Reasons for Hope for the Amazon

Thursday, August 31, 2023
The recent Amazon Summit in Brazil drew widespread criticism for the lack of specific commitments. But one environmental expert who was there identified some reasons for hope—in the host city and in the Amazon region itself.


For Enrique Ortiz, Senior Program Director of a philanthropic organization called the Andes Amazon Fund, one reason to take heart was the “impressive” three-day event in Belém, Brazil—billed as the Amazon Dialogues—that immediately preceded the meeting of the presidents.

“The presence of youth and indigenous women was massive,” Ortiz said in an interview with the Energy and Climate Partnership of the Americas (ECPA) the day after he returned to Washington, D.C., from Brazil. Official estimates put the number of participants at more than 25,000.

The Amazon Dialogues, which immediately preceded the Amazon Summit, felt like a “wake-up” of the environmental movement, according to Enrique Ortiz. Credit: David Alves / Ag Pará

Belém, the capital of the Brazilian state of Pará, is also scheduled to host the 2025 Conference of the Parties to the United Nations Framework Convention on Climate Change (COP30). The Amazon Dialogues showed that the city still has “a long ways to go” to prepare for much bigger crowds in two years, Ortiz said.

The recent event brought together a broad spectrum of people and provided a chance to form new alliances across different parts of the environmental movement that often tend to operate in their own silos, Ortiz said. It felt like “a wake-up of the movement,” he said.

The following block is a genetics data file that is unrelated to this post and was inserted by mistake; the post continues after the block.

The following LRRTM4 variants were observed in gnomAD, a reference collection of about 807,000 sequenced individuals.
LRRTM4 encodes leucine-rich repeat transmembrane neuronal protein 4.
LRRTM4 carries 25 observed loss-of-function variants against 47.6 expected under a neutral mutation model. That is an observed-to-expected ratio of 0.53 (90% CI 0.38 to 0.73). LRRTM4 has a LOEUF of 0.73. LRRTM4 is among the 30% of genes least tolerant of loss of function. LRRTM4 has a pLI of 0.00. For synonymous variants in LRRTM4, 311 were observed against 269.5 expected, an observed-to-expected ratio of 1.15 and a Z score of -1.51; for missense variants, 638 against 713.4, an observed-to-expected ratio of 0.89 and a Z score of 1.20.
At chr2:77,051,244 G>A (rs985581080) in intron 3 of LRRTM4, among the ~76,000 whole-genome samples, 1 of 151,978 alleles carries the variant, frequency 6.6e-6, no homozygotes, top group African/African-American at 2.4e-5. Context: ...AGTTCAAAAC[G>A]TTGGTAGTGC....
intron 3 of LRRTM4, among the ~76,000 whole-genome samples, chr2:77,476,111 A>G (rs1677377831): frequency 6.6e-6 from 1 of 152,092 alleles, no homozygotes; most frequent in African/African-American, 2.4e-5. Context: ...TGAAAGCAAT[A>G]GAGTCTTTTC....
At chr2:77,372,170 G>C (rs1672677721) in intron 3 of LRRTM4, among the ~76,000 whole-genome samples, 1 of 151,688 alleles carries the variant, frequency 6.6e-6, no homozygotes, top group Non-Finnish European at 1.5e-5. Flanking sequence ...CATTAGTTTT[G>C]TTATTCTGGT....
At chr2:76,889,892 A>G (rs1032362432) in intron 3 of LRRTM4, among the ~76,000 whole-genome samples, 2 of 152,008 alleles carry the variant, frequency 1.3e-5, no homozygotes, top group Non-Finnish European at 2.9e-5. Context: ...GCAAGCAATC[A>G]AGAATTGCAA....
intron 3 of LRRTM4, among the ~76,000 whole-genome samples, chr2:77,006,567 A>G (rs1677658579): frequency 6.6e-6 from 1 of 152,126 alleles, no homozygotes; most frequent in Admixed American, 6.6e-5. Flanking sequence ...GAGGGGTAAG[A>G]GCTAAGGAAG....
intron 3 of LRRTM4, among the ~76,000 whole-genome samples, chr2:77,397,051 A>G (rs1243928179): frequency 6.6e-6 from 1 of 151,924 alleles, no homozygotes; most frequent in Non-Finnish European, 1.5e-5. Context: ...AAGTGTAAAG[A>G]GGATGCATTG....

“Young people are actually realizing that this is an opportunity to bring attention to the problems in the Amazon,” he said.

Ortiz, who was born and raised in Peru, is a tropical ecologist and self-described activist who has founded various nongovernmental organizations in his more than 40 years of working on environmental issues. He participated in panel discussions at the recent Amazon Dialogues and in other events held concurrently with the summit, and met with ministers, governors, funders, and many others.

“To me, more important than the actual summit is what was happening in the cafes, or outside, or in the bars, or in the restaurants,” he said. “There is where the real connection was happening.”

As for the success or failure of the meeting of presidents, Ortiz said, “everything depends on your expectations.” When it comes to international environmental meetings, “I don’t really expect too much, to be honest,” he said. “If you have low expectations, then you are not that disappointed,” he added wryly.